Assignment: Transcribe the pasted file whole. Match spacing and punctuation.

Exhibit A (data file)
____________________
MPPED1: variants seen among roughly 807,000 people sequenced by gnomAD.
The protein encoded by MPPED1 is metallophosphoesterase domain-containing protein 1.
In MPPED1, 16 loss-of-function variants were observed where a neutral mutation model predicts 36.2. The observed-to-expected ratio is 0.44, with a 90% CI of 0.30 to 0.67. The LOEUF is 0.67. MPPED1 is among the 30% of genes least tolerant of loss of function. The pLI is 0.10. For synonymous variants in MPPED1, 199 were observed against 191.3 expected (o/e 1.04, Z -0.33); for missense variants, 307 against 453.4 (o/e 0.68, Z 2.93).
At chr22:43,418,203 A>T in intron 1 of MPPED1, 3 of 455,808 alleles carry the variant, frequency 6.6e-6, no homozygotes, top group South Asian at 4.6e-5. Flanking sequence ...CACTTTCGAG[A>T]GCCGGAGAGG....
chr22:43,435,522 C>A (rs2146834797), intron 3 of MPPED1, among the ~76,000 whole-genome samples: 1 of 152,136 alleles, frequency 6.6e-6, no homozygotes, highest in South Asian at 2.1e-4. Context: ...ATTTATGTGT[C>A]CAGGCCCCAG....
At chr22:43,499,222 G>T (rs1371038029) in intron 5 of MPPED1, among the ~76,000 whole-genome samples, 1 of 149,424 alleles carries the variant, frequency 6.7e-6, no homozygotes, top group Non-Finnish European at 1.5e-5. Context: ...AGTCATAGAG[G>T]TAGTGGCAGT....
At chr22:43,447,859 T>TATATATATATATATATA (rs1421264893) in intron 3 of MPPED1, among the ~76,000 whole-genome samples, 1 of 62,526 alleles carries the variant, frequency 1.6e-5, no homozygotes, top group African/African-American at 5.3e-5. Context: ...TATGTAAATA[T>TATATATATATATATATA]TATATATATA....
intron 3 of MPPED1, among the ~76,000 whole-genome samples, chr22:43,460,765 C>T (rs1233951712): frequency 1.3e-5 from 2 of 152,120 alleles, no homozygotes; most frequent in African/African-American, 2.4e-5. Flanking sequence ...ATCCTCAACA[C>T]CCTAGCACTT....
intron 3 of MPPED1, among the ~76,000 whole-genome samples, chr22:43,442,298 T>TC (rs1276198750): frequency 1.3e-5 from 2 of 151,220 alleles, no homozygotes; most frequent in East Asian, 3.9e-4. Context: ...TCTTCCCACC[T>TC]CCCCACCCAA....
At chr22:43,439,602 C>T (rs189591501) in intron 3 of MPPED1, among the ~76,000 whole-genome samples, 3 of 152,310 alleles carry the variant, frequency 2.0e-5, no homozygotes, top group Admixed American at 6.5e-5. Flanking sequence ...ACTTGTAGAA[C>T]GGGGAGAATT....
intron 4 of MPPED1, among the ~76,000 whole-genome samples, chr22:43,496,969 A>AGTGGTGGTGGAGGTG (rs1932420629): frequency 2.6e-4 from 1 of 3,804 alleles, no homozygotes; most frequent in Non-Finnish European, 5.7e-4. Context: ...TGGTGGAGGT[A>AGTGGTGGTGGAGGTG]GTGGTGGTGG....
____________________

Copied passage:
MPPED1: variants seen among roughly 807,000 people sequenced by gnomAD.
The protein encoded by MPPED1 is metallophosphoesterase domain-containing protein 1.
In MPPED1, 16 loss-of-function variants were observed where a neutral mutation model predicts 36.2. The observed-to-expected ratio is 0.44, with a 90% CI of 0.30 to 0.67. The LOEUF is 0.67. MPPED1 is among the 30% of genes least tolerant of loss of function. The pLI is 0.10. For synonymous variants in MPPED1, 199 were observed against 191.3 expected (o/e 1.04, Z -0.33); for missense variants, 307 against 453.4 (o/e 0.68, Z 2.93).
At chr22:43,418,203 A>T in intron 1 of MPPED1, 3 of 455,808 alleles carry the variant, frequency 6.6e-6, no homozygotes, top group South Asian at 4.6e-5. Flanking sequence ...CACTTTCGAG[A>T]GCCGGAGAGG....
chr22:43,435,522 C>A (rs2146834797), intron 3 of MPPED1, among the ~76,000 whole-genome samples: 1 of 152,136 alleles, frequency 6.6e-6, no homozygotes, highest in South Asian at 2.1e-4. Context: ...ATTTATGTGT[C>A]CAGGCCCCAG....
At chr22:43,499,222 G>T (rs1371038029) in intron 5 of MPPED1, among the ~76,000 whole-genome samples, 1 of 149,424 alleles carries the variant, frequency 6.7e-6, no homozygotes, top group Non-Finnish European at 1.5e-5. Context: ...AGTCATAGAG[G>T]TAGTGGCAGT....
At chr22:43,447,859 T>TATATATATATATATATA (rs1421264893) in intron 3 of MPPED1, among the ~76,000 whole-genome samples, 1 of 62,526 alleles carries the variant, frequency 1.6e-5, no homozygotes, top group African/African-American at 5.3e-5. Context: ...TATGTAAATA[T>TATATATATATATATATA]TATATATATA....
intron 3 of MPPED1, among the ~76,000 whole-genome samples, chr22:43,460,765 C>T (rs1233951712): frequency 1.3e-5 from 2 of 152,120 alleles, no homozygotes; most frequent in African/African-American, 2.4e-5. Flanking sequence ...ATCCTCAACA[C>T]CCTAGCACTT....
intron 3 of MPPED1, among the ~76,000 whole-genome samples, chr22:43,442,298 T>TC (rs1276198750): frequency 1.3e-5 from 2 of 151,220 alleles, no homozygotes; most frequent in East Asian, 3.9e-4. Context: ...TCTTCCCACC[T>TC]CCCCACCCAA....
At chr22:43,439,602 C>T (rs189591501) in intron 3 of MPPED1, among the ~76,000 whole-genome samples, 3 of 152,310 alleles carry the variant, frequency 2.0e-5, no homozygotes, top group Admixed American at 6.5e-5. Flanking sequence ...ACTTGTAGAA[C>T]GGGGAGAATT....
intron 4 of MPPED1, among the ~76,000 whole-genome samples, chr22:43,496,969 A>AGTGGTGGTGGAGGTG (rs1932420629): frequency 2.6e-4 from 1 of 3,804 alleles, no homozygotes; most frequent in Non-Finnish European, 5.7e-4. Context: ...TGGTGGAGGT[A>AGTGGTGGTGGAGGTG]GTGGTGGTGG....